It's Monday! What are you reading? 10/22/12

Jen and Kellee host a weekly meme called "What Are You Reading? From Picture Books to YA." It encourages you to share what you read during the previous week and to plan what you're going to read/review during the current week. Thank you, Kelly and Jen, for hosting this fun meme.

As the Crow Flies. Written by Shelia Keenan. Illustrated by Kevin Duggan. Feiwel and Friends, 2012. Interest level: K-2. 

Let's pretend "Ally Reads" emailed me the following note: 

Dear Mr. Schu, 

We are friends on Twitter and Goodreads. I saw that you read As the Crow Flies. What's your favorite illustration? What's your favorite line? 


Ally Reads

Dear Ally Reads,

Thank you for your email about As the Crow Flies. My favorite illustration takes up two pages. It shows a crow eating out of a dog's bowl. It includes the lines "Did the dog's food disappear? This pooch knows that we've been here. Meanwhile, you don't have a clue: We've got our bird's eye trained on you." 

My favorite line is near the end of the book. "We were the birds we didn't see--now hear this cawcophony!" 

Happy reading!


Just Say Boo! Written by Susan Hood. Illustrated by Jed Henry. Harper, 2012. Interest level: K-2.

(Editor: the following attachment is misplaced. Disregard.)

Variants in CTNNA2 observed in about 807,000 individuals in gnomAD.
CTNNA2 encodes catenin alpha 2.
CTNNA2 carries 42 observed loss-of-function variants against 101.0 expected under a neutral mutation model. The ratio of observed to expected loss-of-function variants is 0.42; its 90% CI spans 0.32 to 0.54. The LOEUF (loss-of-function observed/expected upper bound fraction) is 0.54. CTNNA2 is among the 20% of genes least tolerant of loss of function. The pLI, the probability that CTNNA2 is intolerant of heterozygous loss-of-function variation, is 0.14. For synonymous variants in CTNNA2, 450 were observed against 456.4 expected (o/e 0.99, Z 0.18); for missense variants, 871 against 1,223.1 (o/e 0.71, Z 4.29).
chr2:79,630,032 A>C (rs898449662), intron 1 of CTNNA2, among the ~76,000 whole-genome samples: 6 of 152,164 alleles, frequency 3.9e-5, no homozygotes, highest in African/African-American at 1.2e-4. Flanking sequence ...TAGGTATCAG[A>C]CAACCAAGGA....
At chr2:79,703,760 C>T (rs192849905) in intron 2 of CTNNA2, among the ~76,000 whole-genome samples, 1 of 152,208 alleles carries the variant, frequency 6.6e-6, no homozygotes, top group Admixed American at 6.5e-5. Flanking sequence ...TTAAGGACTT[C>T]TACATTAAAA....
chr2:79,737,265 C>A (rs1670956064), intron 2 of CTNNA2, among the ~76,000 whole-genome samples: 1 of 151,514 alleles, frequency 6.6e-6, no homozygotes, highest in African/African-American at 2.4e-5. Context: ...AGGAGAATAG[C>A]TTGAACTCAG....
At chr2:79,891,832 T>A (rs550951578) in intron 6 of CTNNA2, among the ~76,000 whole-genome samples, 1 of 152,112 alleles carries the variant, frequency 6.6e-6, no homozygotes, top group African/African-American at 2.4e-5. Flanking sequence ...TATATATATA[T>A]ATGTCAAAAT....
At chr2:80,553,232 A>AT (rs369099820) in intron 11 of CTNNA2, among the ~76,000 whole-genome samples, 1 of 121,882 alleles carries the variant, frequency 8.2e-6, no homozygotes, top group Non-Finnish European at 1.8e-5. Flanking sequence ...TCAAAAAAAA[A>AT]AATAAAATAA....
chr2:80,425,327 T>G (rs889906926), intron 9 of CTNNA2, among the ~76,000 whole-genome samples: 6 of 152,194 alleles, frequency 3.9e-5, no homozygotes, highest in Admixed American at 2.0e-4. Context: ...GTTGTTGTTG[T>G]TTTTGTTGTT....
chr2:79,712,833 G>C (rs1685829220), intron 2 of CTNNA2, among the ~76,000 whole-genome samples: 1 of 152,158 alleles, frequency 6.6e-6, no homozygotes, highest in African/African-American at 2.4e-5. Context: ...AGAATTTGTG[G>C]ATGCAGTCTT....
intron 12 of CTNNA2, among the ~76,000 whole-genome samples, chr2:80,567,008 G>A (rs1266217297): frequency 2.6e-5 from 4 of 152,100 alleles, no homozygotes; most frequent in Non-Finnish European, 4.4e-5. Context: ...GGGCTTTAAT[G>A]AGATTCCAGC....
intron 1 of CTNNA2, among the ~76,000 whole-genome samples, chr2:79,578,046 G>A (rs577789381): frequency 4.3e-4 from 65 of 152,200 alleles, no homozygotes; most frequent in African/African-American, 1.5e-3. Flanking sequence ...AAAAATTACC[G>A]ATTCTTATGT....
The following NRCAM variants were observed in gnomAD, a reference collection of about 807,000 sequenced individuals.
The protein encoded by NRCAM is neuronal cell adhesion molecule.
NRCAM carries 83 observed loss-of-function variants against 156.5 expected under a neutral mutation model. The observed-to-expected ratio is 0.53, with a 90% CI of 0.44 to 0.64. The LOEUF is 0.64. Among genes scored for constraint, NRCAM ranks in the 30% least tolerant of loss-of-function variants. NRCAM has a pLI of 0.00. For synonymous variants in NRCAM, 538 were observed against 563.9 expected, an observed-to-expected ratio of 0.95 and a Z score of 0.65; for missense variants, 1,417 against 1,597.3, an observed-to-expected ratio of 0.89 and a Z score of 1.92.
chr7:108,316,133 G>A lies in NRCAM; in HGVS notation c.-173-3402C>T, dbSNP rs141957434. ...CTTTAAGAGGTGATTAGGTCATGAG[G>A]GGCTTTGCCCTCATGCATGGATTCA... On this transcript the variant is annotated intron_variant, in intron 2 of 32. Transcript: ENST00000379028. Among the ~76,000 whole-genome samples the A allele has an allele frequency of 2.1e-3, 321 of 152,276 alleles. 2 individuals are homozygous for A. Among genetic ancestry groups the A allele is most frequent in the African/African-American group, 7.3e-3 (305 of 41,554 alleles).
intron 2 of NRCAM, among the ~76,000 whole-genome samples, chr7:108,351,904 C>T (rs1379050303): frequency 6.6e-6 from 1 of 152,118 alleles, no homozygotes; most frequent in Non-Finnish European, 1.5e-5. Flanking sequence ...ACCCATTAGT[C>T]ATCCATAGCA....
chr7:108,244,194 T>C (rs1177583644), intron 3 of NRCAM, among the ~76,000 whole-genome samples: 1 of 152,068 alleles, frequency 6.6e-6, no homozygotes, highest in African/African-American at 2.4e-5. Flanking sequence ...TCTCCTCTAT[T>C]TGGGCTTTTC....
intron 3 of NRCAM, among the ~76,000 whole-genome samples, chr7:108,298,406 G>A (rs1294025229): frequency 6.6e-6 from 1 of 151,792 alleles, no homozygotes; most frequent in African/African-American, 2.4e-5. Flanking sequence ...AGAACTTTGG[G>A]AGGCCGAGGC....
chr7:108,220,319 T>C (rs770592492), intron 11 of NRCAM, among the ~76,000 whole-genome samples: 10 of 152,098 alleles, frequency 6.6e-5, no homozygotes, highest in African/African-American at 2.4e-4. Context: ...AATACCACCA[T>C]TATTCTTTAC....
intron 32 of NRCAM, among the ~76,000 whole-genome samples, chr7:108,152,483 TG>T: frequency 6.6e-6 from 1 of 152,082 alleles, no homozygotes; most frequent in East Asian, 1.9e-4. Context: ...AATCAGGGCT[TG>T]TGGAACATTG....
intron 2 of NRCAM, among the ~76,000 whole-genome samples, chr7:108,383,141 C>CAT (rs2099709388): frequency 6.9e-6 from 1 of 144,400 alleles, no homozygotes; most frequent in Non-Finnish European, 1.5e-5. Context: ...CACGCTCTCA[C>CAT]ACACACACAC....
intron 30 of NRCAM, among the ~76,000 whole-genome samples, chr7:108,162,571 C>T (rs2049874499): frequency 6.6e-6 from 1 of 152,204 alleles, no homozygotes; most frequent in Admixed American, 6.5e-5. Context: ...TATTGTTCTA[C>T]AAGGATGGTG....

I interviewed Susan Hood about Just Say Boo!, writing, and Halloween. 

Up a Road Slowly. Written by Irene Hunt. Follett, 1966. 

I read Up a Road Slowly for the Newbery Challenge. 

Mrs. Frisby and the Rats of NIMH by Robert C. O'Brien


  1. Just Say Boo looks perfect for Halloween. Oh! I see Mrs Frisby and the rats of NIMH once more! How nice! As I mentioned to Colby earlier, I like pairing this book with Flowers for Algernon - a lot of philosophical musings and discussion on ethics in experimentation for older students can be covered through this book.

  2. I have such memories of reading Mrs. Frisby and the Rats of Nimh! I think my older brother had it as required reading for school, but as a young reader, I picked up everything I could and read it. I remember being scared and fascinated by the Mrs. Frisby. It was the first book I remember reading with animals having conscience similar to humans. I look forward to seeing what you and Colby have to say about it.


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